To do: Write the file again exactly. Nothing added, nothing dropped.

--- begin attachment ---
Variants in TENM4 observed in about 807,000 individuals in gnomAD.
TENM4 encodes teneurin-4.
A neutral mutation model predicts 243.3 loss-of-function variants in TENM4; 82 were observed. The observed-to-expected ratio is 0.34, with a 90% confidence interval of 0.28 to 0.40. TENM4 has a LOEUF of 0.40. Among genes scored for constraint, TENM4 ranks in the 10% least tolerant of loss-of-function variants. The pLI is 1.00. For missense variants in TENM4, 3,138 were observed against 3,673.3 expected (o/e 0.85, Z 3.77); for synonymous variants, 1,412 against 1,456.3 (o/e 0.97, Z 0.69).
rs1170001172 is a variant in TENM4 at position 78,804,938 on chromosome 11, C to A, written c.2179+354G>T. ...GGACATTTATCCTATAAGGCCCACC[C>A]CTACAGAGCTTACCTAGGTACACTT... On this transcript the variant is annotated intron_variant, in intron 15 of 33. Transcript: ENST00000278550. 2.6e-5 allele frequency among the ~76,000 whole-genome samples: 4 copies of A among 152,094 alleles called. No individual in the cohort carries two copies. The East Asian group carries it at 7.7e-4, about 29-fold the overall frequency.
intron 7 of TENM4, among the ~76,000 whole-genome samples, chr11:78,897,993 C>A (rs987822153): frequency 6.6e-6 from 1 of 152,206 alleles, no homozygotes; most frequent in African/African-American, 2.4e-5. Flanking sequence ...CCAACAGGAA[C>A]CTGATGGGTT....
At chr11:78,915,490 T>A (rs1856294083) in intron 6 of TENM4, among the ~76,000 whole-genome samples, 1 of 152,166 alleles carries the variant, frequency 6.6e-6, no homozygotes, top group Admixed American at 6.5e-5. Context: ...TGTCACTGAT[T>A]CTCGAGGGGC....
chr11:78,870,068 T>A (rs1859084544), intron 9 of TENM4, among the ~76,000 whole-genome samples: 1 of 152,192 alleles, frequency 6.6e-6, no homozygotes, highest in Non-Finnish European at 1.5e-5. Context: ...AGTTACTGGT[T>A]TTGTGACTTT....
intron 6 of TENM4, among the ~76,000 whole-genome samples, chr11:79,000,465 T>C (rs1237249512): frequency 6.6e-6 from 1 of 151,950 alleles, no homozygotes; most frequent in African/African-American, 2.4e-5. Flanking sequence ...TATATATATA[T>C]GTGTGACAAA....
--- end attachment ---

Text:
Variants in TENM4 observed in about 807,000 individuals in gnomAD.
TENM4 encodes teneurin-4.
A neutral mutation model predicts 243.3 loss-of-function variants in TENM4; 82 were observed. The observed-to-expected ratio is 0.34, with a 90% confidence interval of 0.28 to 0.40. TENM4 has a LOEUF of 0.40. Among genes scored for constraint, TENM4 ranks in the 10% least tolerant of loss-of-function variants. The pLI is 1.00. For missense variants in TENM4, 3,138 were observed against 3,673.3 expected (o/e 0.85, Z 3.77); for synonymous variants, 1,412 against 1,456.3 (o/e 0.97, Z 0.69).
rs1170001172 is a variant in TENM4 at position 78,804,938 on chromosome 11, C to A, written c.2179+354G>T. ...GGACATTTATCCTATAAGGCCCACC[C>A]CTACAGAGCTTACCTAGGTACACTT... On this transcript the variant is annotated intron_variant, in intron 15 of 33. Transcript: ENST00000278550. 2.6e-5 allele frequency among the ~76,000 whole-genome samples: 4 copies of A among 152,094 alleles called. No individual in the cohort carries two copies. The East Asian group carries it at 7.7e-4, about 29-fold the overall frequency.
intron 7 of TENM4, among the ~76,000 whole-genome samples, chr11:78,897,993 C>A (rs987822153): frequency 6.6e-6 from 1 of 152,206 alleles, no homozygotes; most frequent in African/African-American, 2.4e-5. Flanking sequence ...CCAACAGGAA[C>A]CTGATGGGTT....
At chr11:78,915,490 T>A (rs1856294083) in intron 6 of TENM4, among the ~76,000 whole-genome samples, 1 of 152,166 alleles carries the variant, frequency 6.6e-6, no homozygotes, top group Admixed American at 6.5e-5. Context: ...TGTCACTGAT[T>A]CTCGAGGGGC....
chr11:78,870,068 T>A (rs1859084544), intron 9 of TENM4, among the ~76,000 whole-genome samples: 1 of 152,192 alleles, frequency 6.6e-6, no homozygotes, highest in Non-Finnish European at 1.5e-5. Context: ...AGTTACTGGT[T>A]TTGTGACTTT....
intron 6 of TENM4, among the ~76,000 whole-genome samples, chr11:79,000,465 T>C (rs1237249512): frequency 6.6e-6 from 1 of 151,950 alleles, no homozygotes; most frequent in African/African-American, 2.4e-5. Flanking sequence ...TATATATATA[T>C]GTGTGACAAA....